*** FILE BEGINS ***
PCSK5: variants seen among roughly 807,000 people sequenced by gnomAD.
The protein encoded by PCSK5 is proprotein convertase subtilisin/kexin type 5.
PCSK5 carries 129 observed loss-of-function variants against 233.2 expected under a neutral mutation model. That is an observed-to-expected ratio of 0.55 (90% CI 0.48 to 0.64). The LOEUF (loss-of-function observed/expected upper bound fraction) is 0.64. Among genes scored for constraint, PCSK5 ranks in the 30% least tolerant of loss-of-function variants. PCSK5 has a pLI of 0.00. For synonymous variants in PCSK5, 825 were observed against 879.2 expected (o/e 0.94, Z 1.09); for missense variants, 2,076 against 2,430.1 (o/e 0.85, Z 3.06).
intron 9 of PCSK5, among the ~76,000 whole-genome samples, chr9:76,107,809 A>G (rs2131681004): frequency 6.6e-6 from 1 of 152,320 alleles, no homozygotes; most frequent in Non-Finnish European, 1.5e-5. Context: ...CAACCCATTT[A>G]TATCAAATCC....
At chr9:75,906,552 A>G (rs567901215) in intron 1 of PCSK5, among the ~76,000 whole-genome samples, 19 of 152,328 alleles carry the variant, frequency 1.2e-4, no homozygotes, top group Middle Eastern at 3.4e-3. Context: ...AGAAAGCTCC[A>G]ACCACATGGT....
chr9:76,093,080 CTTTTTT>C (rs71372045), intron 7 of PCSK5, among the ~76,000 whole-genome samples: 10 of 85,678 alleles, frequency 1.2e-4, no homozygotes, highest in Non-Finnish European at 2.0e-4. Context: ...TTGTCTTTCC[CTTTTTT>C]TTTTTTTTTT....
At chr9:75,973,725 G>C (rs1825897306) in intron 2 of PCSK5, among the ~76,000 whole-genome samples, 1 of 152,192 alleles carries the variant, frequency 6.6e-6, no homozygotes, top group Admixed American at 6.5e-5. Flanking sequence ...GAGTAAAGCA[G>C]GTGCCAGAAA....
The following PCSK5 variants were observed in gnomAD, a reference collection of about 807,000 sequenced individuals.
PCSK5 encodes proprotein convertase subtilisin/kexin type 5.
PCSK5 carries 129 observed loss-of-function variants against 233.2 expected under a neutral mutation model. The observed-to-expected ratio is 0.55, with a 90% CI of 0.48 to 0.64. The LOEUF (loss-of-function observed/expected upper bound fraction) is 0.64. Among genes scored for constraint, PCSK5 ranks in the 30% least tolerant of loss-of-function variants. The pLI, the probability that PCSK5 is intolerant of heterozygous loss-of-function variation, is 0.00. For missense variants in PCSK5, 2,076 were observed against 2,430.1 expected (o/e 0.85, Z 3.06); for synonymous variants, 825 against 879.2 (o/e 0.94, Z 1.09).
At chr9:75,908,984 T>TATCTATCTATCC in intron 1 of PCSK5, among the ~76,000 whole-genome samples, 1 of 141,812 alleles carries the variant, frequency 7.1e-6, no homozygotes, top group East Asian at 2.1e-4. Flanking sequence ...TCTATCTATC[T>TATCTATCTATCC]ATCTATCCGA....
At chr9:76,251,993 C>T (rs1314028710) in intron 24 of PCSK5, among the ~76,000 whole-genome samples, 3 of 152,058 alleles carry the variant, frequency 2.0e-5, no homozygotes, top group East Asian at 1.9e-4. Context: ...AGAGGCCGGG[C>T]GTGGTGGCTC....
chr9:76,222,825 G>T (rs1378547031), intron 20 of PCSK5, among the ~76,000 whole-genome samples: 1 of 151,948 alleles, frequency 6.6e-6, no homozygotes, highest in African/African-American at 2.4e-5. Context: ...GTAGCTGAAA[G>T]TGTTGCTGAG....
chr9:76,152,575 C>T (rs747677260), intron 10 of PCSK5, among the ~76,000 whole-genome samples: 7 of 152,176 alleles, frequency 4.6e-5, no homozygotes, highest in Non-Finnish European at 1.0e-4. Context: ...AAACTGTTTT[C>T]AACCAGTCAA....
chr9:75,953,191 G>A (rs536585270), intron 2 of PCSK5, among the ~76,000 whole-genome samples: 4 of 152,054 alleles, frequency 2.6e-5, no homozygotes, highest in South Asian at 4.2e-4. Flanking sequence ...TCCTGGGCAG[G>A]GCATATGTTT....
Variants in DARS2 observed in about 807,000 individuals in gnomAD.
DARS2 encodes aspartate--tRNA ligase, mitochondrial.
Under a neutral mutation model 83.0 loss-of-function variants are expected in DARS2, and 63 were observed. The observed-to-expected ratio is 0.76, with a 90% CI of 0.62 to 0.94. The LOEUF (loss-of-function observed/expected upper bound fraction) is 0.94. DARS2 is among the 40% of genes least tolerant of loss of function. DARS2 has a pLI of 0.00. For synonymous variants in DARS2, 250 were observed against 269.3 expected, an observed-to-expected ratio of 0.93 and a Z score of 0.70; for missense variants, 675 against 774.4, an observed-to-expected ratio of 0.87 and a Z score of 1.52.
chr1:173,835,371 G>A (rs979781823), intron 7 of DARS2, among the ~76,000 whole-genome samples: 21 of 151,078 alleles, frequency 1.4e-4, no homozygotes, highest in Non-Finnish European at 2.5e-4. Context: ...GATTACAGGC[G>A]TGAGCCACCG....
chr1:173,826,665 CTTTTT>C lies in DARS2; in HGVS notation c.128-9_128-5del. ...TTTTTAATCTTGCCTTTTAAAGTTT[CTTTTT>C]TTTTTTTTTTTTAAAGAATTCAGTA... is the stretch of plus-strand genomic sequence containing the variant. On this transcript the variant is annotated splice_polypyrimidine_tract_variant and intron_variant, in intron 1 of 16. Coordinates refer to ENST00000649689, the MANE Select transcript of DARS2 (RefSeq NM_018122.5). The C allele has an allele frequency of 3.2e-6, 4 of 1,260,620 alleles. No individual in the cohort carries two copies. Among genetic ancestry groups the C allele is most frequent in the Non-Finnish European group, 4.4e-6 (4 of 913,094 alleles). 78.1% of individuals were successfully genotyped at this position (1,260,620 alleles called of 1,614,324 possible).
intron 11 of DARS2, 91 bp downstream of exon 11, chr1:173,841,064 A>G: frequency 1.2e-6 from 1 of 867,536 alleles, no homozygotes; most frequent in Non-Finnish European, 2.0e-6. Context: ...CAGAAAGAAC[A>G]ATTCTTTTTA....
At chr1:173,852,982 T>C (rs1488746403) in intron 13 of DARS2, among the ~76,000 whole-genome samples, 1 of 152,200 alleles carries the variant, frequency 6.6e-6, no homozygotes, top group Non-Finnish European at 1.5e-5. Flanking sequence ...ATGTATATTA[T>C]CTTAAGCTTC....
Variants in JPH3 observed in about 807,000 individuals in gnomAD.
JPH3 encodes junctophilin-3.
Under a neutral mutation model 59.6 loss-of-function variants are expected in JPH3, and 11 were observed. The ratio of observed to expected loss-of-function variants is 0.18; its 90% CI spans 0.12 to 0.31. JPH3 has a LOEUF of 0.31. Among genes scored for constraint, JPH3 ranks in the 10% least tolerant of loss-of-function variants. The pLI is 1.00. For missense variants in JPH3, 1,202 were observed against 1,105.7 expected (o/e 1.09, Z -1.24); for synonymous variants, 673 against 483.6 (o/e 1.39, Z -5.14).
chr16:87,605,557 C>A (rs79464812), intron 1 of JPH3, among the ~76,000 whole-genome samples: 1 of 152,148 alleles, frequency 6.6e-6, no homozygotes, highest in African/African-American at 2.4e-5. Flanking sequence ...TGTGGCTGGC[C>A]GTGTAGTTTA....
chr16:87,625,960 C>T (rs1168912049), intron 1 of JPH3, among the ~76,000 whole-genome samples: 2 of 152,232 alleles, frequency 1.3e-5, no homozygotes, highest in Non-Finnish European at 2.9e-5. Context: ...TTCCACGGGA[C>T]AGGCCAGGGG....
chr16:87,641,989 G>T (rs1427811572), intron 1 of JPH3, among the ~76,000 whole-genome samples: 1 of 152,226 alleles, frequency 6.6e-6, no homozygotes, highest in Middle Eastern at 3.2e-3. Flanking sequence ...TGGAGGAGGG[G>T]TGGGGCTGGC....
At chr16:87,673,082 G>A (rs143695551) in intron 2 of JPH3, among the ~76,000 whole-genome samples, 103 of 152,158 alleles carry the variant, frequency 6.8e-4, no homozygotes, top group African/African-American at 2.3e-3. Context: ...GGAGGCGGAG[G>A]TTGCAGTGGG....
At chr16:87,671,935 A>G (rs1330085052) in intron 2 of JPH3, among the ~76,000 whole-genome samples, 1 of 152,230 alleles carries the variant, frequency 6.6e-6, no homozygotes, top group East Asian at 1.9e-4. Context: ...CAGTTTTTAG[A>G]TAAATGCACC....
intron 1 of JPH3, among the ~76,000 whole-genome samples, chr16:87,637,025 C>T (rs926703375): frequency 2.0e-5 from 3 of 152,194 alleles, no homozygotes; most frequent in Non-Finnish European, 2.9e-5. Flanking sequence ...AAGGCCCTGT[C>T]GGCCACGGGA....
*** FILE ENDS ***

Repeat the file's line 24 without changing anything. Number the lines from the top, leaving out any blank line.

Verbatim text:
JPH3 encodes junctophilin-3.